“He seems to be running better, more mature, with blinkers on,” Clement added. “My only instruction today was, you know, ‘Do whatever you want but not to hit him.” Because every time you hit him, he seems to lug in or lug out.”—Bob Kieckhefer


Gamine Remains Unbeaten in 2021, Punches Ticket to Filly and Mare Sprint

An unexpected downpour at Saratoga Race Course couldn’t dampen the spirits of Michael Lund Petersen as he watched his 4-year-old filly Gamine add another top score to her already impressive record when she won the Ketel One Ballerina Handicap on Saturday’s Travers Stakes undercard.

Grinning through rain-dotted spectacles, Petersen could barely contain a sense of disbelief at what his $1.8 million 2-year-old purchase has accomplished.

“This is the most fun I ever in horse racing,” he said. “I’m just blessed to own a horse like her. It’s crazy.” 

Though being assigned post-position 1 isn’t ideal for a filly that goes right to the lead, 0.35-1 favorite Gamine and Hall of Famer John Velazquez dispatched that obstacle with ease, gaining the advantage and never surrendering it. Estilo Talentoso kept to her flank through the early going, eventually fading to finish off the board in the seven-furlong test.

After stalking in third off quarter-mile splits of :23.20, :45.68, and 1:09.20, 18-1 shot Lake Avenue rallied for second, 1 3/4 lengths behind the winner.

Trained by Hall of Fame trainer Bob Baffert, Gamine ran the seven furlongs in 1:26.61. 

The 4-year-old Into Mischief filly secured an automatic berth to the Breeders’ Cup Filly and Mare Sprint, a race she won last year, with her 1 ¾-length score in Saturday’s seven-furlong test in New York. The race was part of the Breeders’ Cup Challenge series.—Teresa Genaro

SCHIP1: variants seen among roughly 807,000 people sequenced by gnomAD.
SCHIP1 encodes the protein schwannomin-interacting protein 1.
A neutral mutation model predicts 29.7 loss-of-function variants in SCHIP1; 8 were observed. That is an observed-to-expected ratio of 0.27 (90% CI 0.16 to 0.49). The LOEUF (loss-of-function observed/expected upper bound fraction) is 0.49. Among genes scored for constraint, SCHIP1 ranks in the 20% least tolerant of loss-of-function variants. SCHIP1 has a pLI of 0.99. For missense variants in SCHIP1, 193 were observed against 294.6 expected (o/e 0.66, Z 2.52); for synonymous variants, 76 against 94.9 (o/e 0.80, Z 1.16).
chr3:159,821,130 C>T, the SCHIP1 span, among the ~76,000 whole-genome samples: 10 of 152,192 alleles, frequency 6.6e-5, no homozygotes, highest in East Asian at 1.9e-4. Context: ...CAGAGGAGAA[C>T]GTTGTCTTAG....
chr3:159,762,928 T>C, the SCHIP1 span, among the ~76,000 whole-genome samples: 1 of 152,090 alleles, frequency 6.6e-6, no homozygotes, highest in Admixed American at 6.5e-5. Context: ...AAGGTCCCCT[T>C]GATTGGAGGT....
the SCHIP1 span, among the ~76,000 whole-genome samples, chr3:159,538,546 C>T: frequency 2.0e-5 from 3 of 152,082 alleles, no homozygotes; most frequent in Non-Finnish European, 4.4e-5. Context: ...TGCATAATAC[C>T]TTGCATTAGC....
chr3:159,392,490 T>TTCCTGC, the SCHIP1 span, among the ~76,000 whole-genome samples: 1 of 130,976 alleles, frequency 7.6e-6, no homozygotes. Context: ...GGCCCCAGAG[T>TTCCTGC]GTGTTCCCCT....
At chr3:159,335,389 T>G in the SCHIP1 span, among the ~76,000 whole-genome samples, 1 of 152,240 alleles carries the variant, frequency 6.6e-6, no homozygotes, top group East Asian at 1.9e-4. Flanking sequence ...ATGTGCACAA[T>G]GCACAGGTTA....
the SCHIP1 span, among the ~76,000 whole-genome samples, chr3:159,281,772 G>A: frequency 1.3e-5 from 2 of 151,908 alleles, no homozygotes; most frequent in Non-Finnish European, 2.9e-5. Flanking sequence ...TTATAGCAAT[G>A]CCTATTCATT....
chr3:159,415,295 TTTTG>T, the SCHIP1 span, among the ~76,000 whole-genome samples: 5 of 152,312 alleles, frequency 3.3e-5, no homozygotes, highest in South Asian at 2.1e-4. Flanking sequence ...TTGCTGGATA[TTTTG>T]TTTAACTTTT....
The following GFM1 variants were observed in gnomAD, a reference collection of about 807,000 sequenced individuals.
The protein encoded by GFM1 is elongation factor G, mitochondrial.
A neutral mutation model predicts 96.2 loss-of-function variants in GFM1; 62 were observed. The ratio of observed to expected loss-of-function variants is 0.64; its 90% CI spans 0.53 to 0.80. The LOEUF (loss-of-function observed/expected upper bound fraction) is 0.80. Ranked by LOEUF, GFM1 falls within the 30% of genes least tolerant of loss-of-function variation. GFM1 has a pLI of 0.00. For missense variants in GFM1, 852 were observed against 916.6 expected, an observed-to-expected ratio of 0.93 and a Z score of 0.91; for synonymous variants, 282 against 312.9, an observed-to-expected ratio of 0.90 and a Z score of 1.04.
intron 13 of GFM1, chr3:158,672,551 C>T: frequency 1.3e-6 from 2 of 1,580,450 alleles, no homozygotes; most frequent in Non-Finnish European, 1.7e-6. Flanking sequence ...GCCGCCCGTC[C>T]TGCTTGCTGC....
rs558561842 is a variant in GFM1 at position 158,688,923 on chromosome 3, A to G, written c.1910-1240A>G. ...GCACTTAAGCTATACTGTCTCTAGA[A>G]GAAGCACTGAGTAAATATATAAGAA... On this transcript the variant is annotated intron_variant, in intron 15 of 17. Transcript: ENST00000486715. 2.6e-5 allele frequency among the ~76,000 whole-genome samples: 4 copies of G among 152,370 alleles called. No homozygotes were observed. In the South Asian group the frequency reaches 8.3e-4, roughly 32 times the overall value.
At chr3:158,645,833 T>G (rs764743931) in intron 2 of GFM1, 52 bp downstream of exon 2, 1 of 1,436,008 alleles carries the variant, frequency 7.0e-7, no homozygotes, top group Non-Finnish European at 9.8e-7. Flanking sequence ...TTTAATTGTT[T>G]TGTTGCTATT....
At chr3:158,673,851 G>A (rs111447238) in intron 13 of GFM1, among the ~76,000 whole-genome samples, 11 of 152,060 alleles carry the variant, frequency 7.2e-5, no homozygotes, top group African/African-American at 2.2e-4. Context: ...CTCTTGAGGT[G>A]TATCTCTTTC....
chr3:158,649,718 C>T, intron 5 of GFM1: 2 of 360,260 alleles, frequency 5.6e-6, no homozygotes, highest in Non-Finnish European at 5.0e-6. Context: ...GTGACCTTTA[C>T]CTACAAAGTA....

Yaupon Repels Firenze Fire in Savage Finish in Forego

Firenze Fire, left, tried to bite winner Yaupon. (Eclipse Sportswire)

As race battles go, the $600,000 Forego Stakes on the Travers card at Saratoga Race Course had everything—two horses dueling throughout, a tight finish, even midstretch bite attempts from runner-up Firenze Fire.

Through it all, favored Yaupon delivered, fending off Firenze Fire for a head victory. The 4-year-old Uncle Mo colt sped to the lead, was courageous when tackled by Firenze Fire on the turn, and bravely hit the wire just on top with seven furlongs in 1:21.74 under Ricardo Santana Jr. The Bill and Corinne Heiligbrodt-owned runner, trained by Steve Asmussen, returned $6 to win.

Firenze Fire literally tried everything in an attempt to win and was well clear in second. If he crossed the finish line first, he very likely would have been disqualified by stewards for his attempts to savage. Race video showed Firenze Fire briefly snatching a portion of the Yaupon's bridle in his mouth, as Firenze Fire's rider, Jose Ortiz, reached to grab his mount's right rein to get him off his rival.

The incident cost both horses momentum, perhaps most of all Firenze Fire, as Ortiz fought to correct him.—Byron King


Jackie's Warrior Edges Life Is Good in Jerkens Thriller

Kirk and Judy Robison's Jackie's Warrior rated off the pace of 4-5 favorite Life Is Good, passed that rival on the inside when turning for home, then held off the game competitor to win the $500,000 H. Allen Jerkens Memorial Stakes.

The seven-furlong Jerkens, completed in a final time of 1:21.39, was the second win of the Spa meet for Jackie's Warrior. The 3-year-old Maclean's Music   colt also won the Aug. 1 Amsterdam Stakes for trainer Steve Asmussen. He was ridden to victory Saturday by Joel Rosario.

The Jerkens was the first career loss in four starts for Life Is Good.—Bob Ehalt


Viadera Battles Gamely for Ballston Spa Victory

Viadera eked out a nose victory to return to her winning ways in the $400,000 Ballston Spa Stakes. The 5-year-old Bated Breath mare battled with Chad Brown stablemates Tamahere and Kalifornia Queen and held off the inside bid of Anthony Dutrow-trained High Opinion to take the 1 1/16-mile turf event for older fillies and mares.

“She has an affinity for the wire, this horse,” Brown said. “If you train horses long enough you’ll realize that certain horses know where it is on the winning end and some seem to come up on the losing end. She’s one of the ones who knows where it is.”

It was the sixth Ballston Spa score for Brown, all coming since 2012.—Christine Oser